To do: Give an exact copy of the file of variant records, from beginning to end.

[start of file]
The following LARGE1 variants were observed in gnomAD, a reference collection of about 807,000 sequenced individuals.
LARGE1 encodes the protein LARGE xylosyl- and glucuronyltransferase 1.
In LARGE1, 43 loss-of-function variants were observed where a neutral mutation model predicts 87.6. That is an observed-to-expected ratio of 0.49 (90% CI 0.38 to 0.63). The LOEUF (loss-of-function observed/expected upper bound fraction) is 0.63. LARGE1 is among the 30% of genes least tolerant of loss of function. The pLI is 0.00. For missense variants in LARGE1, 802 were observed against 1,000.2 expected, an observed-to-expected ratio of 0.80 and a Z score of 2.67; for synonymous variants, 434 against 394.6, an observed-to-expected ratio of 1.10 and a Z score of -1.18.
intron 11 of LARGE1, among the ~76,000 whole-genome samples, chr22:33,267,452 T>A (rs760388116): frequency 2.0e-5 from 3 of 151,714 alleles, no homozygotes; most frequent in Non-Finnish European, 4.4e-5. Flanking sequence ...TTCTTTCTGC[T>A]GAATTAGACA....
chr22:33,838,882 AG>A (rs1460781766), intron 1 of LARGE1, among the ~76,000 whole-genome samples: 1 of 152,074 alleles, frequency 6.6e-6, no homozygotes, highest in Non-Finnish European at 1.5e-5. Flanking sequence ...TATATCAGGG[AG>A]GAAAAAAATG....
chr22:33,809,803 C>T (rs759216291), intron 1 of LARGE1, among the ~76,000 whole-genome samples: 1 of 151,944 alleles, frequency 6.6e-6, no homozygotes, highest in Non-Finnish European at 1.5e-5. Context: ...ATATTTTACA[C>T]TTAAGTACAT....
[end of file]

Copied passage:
The following LARGE1 variants were observed in gnomAD, a reference collection of about 807,000 sequenced individuals.
LARGE1 encodes the protein LARGE xylosyl- and glucuronyltransferase 1.
In LARGE1, 43 loss-of-function variants were observed where a neutral mutation model predicts 87.6. That is an observed-to-expected ratio of 0.49 (90% CI 0.38 to 0.63). The LOEUF (loss-of-function observed/expected upper bound fraction) is 0.63. LARGE1 is among the 30% of genes least tolerant of loss of function. The pLI is 0.00. For missense variants in LARGE1, 802 were observed against 1,000.2 expected, an observed-to-expected ratio of 0.80 and a Z score of 2.67; for synonymous variants, 434 against 394.6, an observed-to-expected ratio of 1.10 and a Z score of -1.18.
intron 11 of LARGE1, among the ~76,000 whole-genome samples, chr22:33,267,452 T>A (rs760388116): frequency 2.0e-5 from 3 of 151,714 alleles, no homozygotes; most frequent in Non-Finnish European, 4.4e-5. Flanking sequence ...TTCTTTCTGC[T>A]GAATTAGACA....
chr22:33,838,882 AG>A (rs1460781766), intron 1 of LARGE1, among the ~76,000 whole-genome samples: 1 of 152,074 alleles, frequency 6.6e-6, no homozygotes, highest in Non-Finnish European at 1.5e-5. Flanking sequence ...TATATCAGGG[AG>A]GAAAAAAATG....
chr22:33,809,803 C>T (rs759216291), intron 1 of LARGE1, among the ~76,000 whole-genome samples: 1 of 151,944 alleles, frequency 6.6e-6, no homozygotes, highest in Non-Finnish European at 1.5e-5. Context: ...ATATTTTACA[C>T]TTAAGTACAT....